When the sons of John Lennon decided to go into music, they were walking into it fully understanding of the comparisons that would be made, and that the success of their father was an impossible benchmark. At the risk of sounding a bit trite, they had to be doing it for love, and because they were driven by a desire to express their own creativity and personality, not to merely offer a pale imitation of what had gone before. Even with your father present and guiding you, a son always has to forge his own path. On occasion that path can venture through dark territory, and perhaps it will never lead to a place as prosperous as that achieved by your dad, but it will, at the end, be your own. In the music video for the other single release from that 1984 album, “Too Late for Goodbyes,” Julian performs with his band while a silhouetted figure, strongly implied to be John, dances in a brightly lit doorway attempting to distract him. Eventually Julian stops looking and continues to go his own way instead. Rightly or wrongly, it’s his choice, as it is for the rest of us.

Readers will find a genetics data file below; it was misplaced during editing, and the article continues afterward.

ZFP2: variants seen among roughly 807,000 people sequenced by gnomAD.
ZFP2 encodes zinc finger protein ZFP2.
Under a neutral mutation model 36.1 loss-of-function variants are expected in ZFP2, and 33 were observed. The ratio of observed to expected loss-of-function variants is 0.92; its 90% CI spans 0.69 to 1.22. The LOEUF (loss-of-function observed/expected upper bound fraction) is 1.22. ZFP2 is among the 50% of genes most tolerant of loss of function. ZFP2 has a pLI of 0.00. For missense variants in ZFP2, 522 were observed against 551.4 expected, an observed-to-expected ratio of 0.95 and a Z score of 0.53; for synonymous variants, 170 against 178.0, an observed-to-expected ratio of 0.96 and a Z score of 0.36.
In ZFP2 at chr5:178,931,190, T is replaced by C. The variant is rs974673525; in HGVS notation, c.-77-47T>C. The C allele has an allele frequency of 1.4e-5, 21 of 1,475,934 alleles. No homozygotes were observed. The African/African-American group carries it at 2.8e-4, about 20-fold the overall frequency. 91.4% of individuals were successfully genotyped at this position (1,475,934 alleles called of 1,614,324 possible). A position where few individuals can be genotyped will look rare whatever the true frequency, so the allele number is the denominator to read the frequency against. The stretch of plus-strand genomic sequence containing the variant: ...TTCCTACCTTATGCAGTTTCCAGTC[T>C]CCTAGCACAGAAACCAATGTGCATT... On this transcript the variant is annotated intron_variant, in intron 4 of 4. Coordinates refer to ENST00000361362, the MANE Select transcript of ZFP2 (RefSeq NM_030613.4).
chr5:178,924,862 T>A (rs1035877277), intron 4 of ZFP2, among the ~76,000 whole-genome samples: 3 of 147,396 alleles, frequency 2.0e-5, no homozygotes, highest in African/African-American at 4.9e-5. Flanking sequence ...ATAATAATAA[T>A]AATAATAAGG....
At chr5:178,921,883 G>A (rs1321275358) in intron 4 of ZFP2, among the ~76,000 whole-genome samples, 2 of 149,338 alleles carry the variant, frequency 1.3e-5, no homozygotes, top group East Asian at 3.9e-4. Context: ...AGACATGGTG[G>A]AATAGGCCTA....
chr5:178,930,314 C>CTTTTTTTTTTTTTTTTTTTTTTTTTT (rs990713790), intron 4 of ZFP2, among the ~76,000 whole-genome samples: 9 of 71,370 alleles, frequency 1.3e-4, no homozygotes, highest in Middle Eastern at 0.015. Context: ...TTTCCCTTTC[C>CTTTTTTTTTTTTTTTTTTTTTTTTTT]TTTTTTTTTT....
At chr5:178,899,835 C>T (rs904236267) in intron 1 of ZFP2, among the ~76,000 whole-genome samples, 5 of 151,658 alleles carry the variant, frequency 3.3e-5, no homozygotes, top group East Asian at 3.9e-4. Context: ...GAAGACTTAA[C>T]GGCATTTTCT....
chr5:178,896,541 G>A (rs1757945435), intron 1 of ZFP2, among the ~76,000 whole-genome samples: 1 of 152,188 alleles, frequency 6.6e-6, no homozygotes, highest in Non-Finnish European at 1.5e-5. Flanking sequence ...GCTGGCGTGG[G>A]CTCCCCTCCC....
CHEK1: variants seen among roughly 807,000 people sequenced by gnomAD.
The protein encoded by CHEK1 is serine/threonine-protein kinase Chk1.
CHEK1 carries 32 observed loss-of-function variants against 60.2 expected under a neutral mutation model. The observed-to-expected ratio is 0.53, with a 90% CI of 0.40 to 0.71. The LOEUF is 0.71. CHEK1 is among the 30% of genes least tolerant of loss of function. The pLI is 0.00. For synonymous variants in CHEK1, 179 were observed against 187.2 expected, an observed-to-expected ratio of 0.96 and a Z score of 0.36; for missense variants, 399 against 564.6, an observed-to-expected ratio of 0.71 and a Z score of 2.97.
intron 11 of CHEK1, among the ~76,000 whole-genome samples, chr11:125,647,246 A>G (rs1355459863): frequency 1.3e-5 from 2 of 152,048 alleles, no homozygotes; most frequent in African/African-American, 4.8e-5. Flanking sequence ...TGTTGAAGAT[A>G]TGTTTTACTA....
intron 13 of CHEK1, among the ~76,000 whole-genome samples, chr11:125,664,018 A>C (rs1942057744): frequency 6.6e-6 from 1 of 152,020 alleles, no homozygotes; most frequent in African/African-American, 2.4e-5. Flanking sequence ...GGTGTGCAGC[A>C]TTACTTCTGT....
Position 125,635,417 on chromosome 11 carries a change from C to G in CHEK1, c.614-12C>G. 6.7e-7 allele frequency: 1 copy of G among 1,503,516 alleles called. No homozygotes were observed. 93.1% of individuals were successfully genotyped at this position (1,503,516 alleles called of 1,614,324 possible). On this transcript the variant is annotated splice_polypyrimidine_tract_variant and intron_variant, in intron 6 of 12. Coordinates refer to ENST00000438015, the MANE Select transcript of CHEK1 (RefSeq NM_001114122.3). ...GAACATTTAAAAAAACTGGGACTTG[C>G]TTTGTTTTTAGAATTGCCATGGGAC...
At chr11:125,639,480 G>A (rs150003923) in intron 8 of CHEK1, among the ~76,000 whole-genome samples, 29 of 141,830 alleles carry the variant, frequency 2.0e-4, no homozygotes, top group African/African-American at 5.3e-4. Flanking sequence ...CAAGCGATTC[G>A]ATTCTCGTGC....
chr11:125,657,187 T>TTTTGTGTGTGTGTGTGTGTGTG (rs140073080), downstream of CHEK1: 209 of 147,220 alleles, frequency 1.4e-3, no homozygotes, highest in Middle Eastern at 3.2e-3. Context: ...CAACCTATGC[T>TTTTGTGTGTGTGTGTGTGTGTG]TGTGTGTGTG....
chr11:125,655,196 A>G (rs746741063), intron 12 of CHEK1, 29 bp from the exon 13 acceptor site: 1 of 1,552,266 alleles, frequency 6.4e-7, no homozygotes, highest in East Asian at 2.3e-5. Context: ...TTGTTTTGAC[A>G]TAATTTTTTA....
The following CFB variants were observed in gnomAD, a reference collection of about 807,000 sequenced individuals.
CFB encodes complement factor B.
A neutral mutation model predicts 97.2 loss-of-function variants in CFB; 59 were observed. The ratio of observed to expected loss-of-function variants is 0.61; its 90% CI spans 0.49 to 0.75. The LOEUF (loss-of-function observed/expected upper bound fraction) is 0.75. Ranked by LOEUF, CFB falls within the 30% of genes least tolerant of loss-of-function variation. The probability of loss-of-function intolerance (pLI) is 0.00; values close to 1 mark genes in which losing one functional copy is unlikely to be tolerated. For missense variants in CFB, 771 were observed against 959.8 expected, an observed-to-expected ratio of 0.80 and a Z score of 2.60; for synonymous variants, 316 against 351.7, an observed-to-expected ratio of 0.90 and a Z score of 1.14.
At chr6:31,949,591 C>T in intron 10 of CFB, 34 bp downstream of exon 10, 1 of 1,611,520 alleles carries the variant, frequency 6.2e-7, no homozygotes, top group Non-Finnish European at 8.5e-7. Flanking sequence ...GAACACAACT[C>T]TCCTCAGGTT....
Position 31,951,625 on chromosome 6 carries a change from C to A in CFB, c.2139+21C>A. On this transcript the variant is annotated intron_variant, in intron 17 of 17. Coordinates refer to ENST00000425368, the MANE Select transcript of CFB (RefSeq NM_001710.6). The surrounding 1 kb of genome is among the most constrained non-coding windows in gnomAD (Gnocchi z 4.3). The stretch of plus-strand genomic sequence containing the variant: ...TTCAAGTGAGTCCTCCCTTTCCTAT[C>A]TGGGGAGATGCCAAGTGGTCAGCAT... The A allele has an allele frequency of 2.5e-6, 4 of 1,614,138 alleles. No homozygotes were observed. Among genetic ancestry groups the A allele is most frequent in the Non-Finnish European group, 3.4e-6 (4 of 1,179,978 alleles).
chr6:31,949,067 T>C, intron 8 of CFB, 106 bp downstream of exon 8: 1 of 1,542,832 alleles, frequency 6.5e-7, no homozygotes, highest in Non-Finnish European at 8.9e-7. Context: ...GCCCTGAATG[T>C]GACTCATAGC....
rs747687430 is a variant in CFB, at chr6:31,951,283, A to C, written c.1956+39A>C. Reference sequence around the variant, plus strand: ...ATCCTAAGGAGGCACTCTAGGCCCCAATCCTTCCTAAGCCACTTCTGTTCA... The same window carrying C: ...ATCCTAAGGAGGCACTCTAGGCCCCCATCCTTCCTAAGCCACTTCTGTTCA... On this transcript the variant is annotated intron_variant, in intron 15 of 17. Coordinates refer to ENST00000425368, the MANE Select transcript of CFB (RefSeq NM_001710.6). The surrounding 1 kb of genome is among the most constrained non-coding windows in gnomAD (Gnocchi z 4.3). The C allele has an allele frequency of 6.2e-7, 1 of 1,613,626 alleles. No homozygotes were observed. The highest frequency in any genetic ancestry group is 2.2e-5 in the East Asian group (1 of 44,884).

Had I tried to be more like my father, it’s arguable I might have had a more financially rewarding career, more options now for experiencing more of the world and giving those closest to me more options with theirs as well. Would that translate to a better life? The people I know who are wealthy certainly don’t seem like pillars of joy. Maybe we’d be happiest of all sitting on a pebble by a river playing guitar. When we truly commit to our life and become willing to accept the consequences of our choices whatever they may be, the shadow of the father fades away. I think about this in the context of being a father myself and knowing that at the very least, my son will have a better life than his birth dad’s, and every opportunity to exceed my achievements as well. But none of that matters so long as at the end of it all, he can look back and say that he was happy. I guess that’s the irony that becomes apparent only when you get to the other side of the divide between having a parent and being one. You expend so much energy in thinking you’ll never live up to your father’s impossible standard only to find that he never wanted you to in the first place. He always wanted you to be your own man, and to pass the same lesson on to your own son. That’s how you make him proud, even if he’s not here to see it.